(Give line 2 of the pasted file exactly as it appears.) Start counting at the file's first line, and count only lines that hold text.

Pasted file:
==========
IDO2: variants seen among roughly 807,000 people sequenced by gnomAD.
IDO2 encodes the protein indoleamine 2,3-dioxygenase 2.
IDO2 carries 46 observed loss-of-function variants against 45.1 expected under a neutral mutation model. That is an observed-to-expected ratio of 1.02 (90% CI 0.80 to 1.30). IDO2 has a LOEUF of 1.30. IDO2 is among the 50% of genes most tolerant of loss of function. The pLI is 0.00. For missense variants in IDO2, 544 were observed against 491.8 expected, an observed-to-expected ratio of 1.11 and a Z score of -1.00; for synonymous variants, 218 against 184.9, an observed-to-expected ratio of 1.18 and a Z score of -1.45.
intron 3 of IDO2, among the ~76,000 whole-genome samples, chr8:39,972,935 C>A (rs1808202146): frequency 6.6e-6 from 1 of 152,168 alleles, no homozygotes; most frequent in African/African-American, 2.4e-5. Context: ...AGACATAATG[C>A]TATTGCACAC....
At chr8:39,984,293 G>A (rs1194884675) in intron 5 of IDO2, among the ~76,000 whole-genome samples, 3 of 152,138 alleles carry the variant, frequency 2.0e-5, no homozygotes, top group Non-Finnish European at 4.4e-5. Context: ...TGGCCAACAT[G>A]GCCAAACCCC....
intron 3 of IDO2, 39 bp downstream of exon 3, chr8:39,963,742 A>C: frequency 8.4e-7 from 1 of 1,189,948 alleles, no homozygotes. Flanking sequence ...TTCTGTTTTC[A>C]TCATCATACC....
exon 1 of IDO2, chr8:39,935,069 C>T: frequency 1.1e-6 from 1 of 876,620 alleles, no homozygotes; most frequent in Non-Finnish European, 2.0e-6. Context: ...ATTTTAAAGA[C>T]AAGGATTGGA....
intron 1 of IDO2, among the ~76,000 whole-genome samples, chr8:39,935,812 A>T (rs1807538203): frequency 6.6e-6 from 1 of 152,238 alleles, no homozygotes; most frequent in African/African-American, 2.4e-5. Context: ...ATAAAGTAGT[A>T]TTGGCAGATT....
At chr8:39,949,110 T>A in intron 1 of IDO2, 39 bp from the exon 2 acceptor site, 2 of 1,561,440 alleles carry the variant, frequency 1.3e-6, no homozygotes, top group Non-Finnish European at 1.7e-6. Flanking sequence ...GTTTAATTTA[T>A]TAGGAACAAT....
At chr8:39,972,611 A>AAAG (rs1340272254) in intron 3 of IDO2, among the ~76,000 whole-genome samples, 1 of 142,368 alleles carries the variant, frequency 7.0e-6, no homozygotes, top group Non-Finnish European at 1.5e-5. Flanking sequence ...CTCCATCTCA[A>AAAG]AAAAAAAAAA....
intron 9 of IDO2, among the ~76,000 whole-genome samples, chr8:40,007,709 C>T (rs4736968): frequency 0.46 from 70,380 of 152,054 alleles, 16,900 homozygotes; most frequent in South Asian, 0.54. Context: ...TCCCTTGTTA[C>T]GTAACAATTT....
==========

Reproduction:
IDO2 encodes the protein indoleamine 2,3-dioxygenase 2.